Closing it might help the council temporarily balance its books but it would certainly cost the local health services dear.
It’s a cliché, but exercise really is the best medicine, just ask a health worker.
Name and address supplied
People will struggle
Under David Cameron, Britain’s families are facing a cost of living crisis. Prices have risen faster than wages in 39 of the 40 months that David Cameron has been in Downing Street and energy bills have gone up by almost £300.
David Cameron only stands up for the privileged few.
His failure to tackle bills has meant that many people are struggling to pay them.
I know how people in Lancaster are struggling with the rising cost of living.
Many people I speak to are worried about their energy bills, and are having to make a choice between heating their homes or buying food.
When the price of energy increases energy companies pass this on but when it drops consumers don’t see their bills fall.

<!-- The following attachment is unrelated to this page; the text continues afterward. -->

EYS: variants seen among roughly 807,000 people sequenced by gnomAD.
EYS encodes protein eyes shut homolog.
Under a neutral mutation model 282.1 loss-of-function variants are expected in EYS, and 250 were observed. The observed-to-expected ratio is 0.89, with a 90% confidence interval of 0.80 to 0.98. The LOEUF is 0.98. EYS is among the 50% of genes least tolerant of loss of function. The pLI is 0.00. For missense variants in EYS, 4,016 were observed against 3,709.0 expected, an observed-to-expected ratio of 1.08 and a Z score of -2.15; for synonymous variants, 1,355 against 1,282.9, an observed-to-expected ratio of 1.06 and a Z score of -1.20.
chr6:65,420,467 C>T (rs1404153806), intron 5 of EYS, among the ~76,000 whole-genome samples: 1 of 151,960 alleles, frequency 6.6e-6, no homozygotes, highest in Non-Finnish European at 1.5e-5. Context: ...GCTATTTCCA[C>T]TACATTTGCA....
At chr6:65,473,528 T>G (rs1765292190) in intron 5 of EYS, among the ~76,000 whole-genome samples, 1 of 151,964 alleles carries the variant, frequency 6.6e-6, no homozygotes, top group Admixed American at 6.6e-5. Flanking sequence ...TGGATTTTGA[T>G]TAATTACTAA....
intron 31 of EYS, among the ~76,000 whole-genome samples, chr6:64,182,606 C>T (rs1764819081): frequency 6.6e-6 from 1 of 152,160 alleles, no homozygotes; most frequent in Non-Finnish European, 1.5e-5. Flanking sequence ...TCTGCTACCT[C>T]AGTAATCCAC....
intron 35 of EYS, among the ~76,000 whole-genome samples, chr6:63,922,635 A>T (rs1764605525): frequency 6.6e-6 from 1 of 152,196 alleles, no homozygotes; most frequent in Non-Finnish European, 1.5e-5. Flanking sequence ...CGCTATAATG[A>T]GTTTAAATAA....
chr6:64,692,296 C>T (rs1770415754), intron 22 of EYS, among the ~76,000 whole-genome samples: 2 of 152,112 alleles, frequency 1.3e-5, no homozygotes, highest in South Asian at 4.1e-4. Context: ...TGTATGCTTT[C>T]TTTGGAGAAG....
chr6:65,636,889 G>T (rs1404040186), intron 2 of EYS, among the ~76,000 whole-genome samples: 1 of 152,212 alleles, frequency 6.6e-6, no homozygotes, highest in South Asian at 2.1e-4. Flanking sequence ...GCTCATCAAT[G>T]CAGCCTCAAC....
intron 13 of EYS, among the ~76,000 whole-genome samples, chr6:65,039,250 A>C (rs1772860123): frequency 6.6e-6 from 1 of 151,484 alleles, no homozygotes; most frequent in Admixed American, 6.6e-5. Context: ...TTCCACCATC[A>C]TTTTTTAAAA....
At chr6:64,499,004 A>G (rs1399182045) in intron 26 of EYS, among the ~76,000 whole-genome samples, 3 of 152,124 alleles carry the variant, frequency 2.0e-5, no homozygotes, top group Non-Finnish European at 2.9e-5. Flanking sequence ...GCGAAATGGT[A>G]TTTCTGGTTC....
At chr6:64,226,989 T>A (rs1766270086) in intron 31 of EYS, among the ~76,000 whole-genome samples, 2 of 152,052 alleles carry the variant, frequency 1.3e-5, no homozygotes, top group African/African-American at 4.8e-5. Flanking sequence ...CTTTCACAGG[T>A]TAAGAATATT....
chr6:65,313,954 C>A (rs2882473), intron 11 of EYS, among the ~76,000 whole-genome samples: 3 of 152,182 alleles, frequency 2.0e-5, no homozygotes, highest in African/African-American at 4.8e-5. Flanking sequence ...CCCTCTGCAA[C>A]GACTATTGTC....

David Cameron can’t deal with the cost of living crisis because he stands up for a privileged few, not for ordinary families. David Cameron has cut tax for people on over £150,000 a year while raising it for everyone else.
Ed Miliband says Labour will freeze prices until the start of 2017 if Labour wins the next election.
This will save a typical household £120 a year – helping hardworking families who are facing a cost of living crisis.
Local businesses tell me that energy bills are the second largest cost that they face. Labour’s energy freeze policy will save the average business £1,800 a year, giving our small businesses the support they need at a vital time for our local economy.
Labour parliamentary candidate for Lancaster and Fleetwood
Who’s in charge?
After the recent traffic snarl-ups throughout Lancaster I am prompted to ask whose responsibility it is to keep traffic flowing?
It’s been many years since I saw a police constable on point duty (readers aged under 30 may have to ask their parents what this entails), so presumably this task has been delegated to some other authority. But who?
Is it the individual motorist, perhaps? The Highways Agency? The local council? Or (God forbid) the county council? Perhaps they each think it’s the other’s responsibility.